Thanks again. First off, I’m glad you bring up the scapegoat thing. You think someone else is doing something wrong, but I’m blaming it on Serena instead of that person? I’m just asking you, please, to tell me who or what I’m scapegoating her for. As for singling her out, let me look at it from the other side. When Serena appeared nude (almost) on the cover of ESPN the Magazine, I wrote that she was a great role model to young girls in regard to body image. She showed that you don’t have to be a size 0 to be beautiful and successful. Now, did I write the same thing about everyone else who appeared in that magazine? No. Serena, in my opinion, is such a huge crossover personality and celebrity, going beyond her sport, that she stands out to me. Same with the time I wrote a column saying she would be an ideal new model for what a Miss America should be: smart, beautiful, strong, successful, athletic, and, again, not a promotion of the size 0, which I think is dangerous to girls. Now, couldn’t I have said the same thing about a lot of women’s tennis players? I’m sorry, but it’s just reality of journalism that we write about the people want to read about or people care about. It’s not that we write ONLY about them, but moreso than others. As for baseless assumptions, consider a few things: Her agent told me on the phone that she was with Serena at the time and that Serena did not step on glass. Serena said she stepped on glass. If you were a journalist, would you not be suspicious right there? I asked some German reporters in Australia if they had ever checked into Serena’s story, talked to anyone at the restaurant. The three writers I talked to said that the German media had looked into the story and scrambled for it, but found nothing. They writers I talked to don’t think it happened. Also, Serena told USA Today that her doctor said she didn’t really have to have the foot surgery, that it would only be to stop from having a drooping toe. Later, she said the doctor said the surgery was mandatory. So I would say that she is bringing on the suspicions herself.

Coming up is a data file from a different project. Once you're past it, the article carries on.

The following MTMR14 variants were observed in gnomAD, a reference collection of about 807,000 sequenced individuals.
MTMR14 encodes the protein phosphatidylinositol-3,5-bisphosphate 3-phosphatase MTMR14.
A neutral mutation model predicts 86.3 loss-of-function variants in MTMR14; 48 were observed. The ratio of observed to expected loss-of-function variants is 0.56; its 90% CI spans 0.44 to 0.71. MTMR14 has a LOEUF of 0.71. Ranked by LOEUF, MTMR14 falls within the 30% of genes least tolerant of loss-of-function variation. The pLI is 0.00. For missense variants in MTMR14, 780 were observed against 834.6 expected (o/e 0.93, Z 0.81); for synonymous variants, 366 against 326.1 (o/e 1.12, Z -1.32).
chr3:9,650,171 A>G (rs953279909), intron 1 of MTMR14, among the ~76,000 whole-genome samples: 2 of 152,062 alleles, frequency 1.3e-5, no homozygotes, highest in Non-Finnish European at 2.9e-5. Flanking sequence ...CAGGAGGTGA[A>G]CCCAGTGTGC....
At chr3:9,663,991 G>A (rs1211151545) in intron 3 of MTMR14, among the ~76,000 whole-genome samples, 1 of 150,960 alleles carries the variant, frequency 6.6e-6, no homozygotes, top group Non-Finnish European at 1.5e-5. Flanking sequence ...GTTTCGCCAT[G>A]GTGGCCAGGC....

• melanie

    Waouh Greg Couch, sorry for barging into your conversation with the reader Sissi, i REALLY take issue with what you’ve just said and i think my mate is right. So for you it’s ok to vilify Serena REPEATEDLY and not the others because people may want to read more about her. So i guess it’s ok to make her look like the bad guy here and give a free pass to the others? i understand when Sissi says that she’s your scapegoat, the one that you have no problem insulting all the time.
    besides you’re a tennis writer, do you think talking about her personal life like her nose or her panties has anything to do with her tennis performance and what you are supposed to write?
    i’m into journalism and i’m sorry to tell you that, but you’re bad at it right now, YOU’RE CROSSING THE LINE WAY TOO MUCH and that’s not i’ve been taught in school, not at all

    • gregcouch

      Look back at what I just wrote to sissi. It covers a lot of what you’re talking about. But I would ask you this, too, because I don’t understand the idea that I’m scapegoating her: Who or what do you think I’m scapegoating her for? Also, I disagree that I have even come close to crossing any lines. If your journalism school told you that tennis columnists should be writing only about tennis performance, then you are in serious need of finding a new journalism school. As for making Serena look like the bad guy while giving everyone else a free pass, take a look at the column that is now on top of this site, the one that says we get on Serena’s case for not showing up at non-majors, but really lots of players are doing it. Then, I single out, and write the whole column about, Roger Federer.

  • melanie

    Ok right Mr Couch, but we’ll happily to disagree then

  • sissi